KEITH LOCKE (Green)
I thank Minister Finlayson for that explanation, and David Parker for drawing our attention to the lack of clarity on the issue. I will also address those particular clauses, because they relate to the question of computer access. That has been quite a controversial issue, both in the original law back in 2003 that the Minister referred to, which granted some powers of computer access to Government agencies, including the Security Intelligence Service, and also in relation to the Search and Surveillance Bill, which gives a range of powers to Government agencies under different Acts, including, I think, the New Zealand Security Intelligence Service Act.
This provision in Part 2 that relates to computer access is an attempt to tie it all together and streamline it, etc., but underneath it all is the more fundamental question of intrusive powers being given to the Security Intelligence Service in its relatively unaccountable state, compared with other agencies such as the police.
Computers have much information—I can speak of my own computer, and I am sure that other members will feel the same—a large proportion of one’s life, views, and attitudes, and sometimes personal correspondence, is sitting on one’s computer. So the granting to an agency, too readily, of a power to take a copy of what is on a person’s hard drive, to search it with key words, and all the rest of it, is a power that should not be given lightly. There have been submissions to select committees on this issue over the years; people get very upset at the intrusion that this involves. The authorisation, although it has been streamlined here, under bills like this bill and the Search and Surveillance Bill can have a certain delegation; it is not necessarily always a high-level, judicial person who will give that authorisation.
The other problem with this bill, and where this bill and this provision relates to the Search and Surveillance Bill, is that when searching, whether a building or a computer, there has been a principle introduced that even though the search is being made on the basis of one crime, if evidence is seen of another crime coming into what is called plain view, then that bit of evidence can be picked up on. If there is enough evidence the charge can be proceeded with in relation to this other crime, which had not necessarily been mentioned in the original warrant. That has a particular problem when applied to computers, because a lot of things can come into plain view. People accidentally use certain words and word combinations to search for one thing, and a whole lot of other things come up, and some smart officer of the Security Intelligence Service or the police can sort of get what they want. They can look for evidence in a whole range of crimes not included in a warrant more easily, in terms of accessing a computer, than possibly if they were searching a person’s home—although there are ways of doing it if they were searching a person’s home.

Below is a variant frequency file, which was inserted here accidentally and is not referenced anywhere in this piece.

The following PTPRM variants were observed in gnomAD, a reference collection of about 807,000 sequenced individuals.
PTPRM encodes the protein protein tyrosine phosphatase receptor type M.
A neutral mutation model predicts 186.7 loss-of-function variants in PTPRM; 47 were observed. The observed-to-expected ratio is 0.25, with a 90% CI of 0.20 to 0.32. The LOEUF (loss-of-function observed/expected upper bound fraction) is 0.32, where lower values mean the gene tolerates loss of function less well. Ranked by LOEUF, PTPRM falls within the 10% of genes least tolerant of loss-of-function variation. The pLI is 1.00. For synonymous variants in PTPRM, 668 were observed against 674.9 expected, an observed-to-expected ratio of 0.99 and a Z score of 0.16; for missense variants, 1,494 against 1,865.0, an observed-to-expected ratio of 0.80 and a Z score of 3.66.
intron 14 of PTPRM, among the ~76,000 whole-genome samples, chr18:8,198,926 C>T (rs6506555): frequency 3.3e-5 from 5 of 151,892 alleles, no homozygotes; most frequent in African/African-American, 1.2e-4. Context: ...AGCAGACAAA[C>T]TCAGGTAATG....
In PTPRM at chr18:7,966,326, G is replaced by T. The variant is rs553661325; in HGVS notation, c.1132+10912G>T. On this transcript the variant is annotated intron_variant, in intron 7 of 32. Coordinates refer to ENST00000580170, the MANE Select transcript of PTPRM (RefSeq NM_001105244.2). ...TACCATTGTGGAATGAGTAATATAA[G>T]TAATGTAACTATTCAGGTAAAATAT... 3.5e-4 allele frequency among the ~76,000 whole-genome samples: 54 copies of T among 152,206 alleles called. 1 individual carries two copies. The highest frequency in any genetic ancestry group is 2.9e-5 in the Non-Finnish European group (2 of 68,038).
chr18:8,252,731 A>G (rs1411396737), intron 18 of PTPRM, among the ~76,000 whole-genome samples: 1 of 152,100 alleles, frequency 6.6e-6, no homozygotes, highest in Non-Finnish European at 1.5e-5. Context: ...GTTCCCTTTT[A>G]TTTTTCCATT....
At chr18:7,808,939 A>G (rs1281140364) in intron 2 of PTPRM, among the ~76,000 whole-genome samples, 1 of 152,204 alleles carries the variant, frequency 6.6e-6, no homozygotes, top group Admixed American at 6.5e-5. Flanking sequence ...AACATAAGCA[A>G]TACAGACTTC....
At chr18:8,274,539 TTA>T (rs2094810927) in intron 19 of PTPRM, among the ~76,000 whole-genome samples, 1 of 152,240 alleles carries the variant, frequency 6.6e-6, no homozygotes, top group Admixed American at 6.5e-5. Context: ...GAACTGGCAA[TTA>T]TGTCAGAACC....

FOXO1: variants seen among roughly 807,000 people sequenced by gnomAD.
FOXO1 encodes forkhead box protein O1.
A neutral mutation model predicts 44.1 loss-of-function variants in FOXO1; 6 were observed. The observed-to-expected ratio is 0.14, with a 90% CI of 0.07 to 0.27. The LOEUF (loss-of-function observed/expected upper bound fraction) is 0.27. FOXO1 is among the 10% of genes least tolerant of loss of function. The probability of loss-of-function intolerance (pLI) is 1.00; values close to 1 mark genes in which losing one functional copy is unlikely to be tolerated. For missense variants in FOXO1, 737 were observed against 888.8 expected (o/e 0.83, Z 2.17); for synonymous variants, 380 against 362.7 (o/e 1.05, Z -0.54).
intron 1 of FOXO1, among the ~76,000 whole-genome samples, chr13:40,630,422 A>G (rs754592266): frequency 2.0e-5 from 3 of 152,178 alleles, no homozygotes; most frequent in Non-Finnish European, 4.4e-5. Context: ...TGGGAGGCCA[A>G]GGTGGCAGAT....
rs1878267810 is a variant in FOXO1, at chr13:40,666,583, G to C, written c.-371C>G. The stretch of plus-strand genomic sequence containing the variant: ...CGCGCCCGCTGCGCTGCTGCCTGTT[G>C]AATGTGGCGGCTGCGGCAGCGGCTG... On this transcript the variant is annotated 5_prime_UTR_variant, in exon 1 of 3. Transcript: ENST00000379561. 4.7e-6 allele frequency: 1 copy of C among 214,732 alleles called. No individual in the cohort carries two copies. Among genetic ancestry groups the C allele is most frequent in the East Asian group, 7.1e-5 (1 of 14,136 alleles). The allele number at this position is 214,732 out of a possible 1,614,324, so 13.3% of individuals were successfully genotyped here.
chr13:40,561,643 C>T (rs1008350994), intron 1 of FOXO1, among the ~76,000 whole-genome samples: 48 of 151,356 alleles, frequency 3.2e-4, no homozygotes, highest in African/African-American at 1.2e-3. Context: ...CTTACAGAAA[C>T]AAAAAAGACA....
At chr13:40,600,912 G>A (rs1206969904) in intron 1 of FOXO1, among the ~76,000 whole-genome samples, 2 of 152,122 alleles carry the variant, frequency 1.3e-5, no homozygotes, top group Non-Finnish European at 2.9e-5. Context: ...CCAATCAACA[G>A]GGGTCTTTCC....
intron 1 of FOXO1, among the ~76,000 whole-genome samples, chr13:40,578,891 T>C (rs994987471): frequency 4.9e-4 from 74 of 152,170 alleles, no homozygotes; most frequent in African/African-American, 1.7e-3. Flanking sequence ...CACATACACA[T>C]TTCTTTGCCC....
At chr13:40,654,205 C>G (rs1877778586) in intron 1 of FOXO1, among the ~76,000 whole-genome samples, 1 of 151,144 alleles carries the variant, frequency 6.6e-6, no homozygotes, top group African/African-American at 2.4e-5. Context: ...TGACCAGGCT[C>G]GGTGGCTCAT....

Police officers might walk into a home looking for a bit of stolen property, for example, and they might sort of know where that stolen property is. But they might forget to look in the particular place for a start but instead look everywhere else in the room or house, and then end up at the place where they knew the piece of stolen property was really likely to be. In the meantime they have searched the whole building and tried to uncover information or evidence on other crimes, if they are out to get that particular person, for example. There may be cases like that. But my main point is that access to computers is very, very problematic, particularly if the person does not know what is going on. But under this legislation and the parallel legislation, the Search and Surveillance Bill, access to a computer can include not only the physical computer one operates from but other computers that are part of the network and various other email addresses. It can relate to trawling, and finding what people are doing with their computer searches. The access can include a whole range of things.